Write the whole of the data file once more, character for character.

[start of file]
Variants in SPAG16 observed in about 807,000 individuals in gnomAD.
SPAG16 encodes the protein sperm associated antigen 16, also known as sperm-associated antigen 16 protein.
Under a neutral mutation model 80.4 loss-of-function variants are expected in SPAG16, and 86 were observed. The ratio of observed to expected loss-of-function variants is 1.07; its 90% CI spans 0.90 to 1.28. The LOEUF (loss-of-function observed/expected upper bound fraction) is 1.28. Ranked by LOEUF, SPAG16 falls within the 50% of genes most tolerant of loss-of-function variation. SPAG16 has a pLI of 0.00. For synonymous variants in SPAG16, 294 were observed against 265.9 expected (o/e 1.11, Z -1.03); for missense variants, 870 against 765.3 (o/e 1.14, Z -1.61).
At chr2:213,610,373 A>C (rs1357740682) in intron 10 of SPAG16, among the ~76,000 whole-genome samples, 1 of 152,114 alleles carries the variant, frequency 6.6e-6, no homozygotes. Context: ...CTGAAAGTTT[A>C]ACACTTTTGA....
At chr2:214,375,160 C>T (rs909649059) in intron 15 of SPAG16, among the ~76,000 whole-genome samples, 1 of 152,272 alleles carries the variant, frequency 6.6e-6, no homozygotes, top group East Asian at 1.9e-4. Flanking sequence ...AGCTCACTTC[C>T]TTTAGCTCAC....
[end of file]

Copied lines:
Variants in SPAG16 observed in about 807,000 individuals in gnomAD.
SPAG16 encodes the protein sperm associated antigen 16, also known as sperm-associated antigen 16 protein.
Under a neutral mutation model 80.4 loss-of-function variants are expected in SPAG16, and 86 were observed. The ratio of observed to expected loss-of-function variants is 1.07; its 90% CI spans 0.90 to 1.28. The LOEUF (loss-of-function observed/expected upper bound fraction) is 1.28. Ranked by LOEUF, SPAG16 falls within the 50% of genes most tolerant of loss-of-function variation. SPAG16 has a pLI of 0.00. For synonymous variants in SPAG16, 294 were observed against 265.9 expected (o/e 1.11, Z -1.03); for missense variants, 870 against 765.3 (o/e 1.14, Z -1.61).
At chr2:213,610,373 A>C (rs1357740682) in intron 10 of SPAG16, among the ~76,000 whole-genome samples, 1 of 152,114 alleles carries the variant, frequency 6.6e-6, no homozygotes. Context: ...CTGAAAGTTT[A>C]ACACTTTTGA....
At chr2:214,375,160 C>T (rs909649059) in intron 15 of SPAG16, among the ~76,000 whole-genome samples, 1 of 152,272 alleles carries the variant, frequency 6.6e-6, no homozygotes, top group East Asian at 1.9e-4. Flanking sequence ...AGCTCACTTC[C>T]TTTAGCTCAC....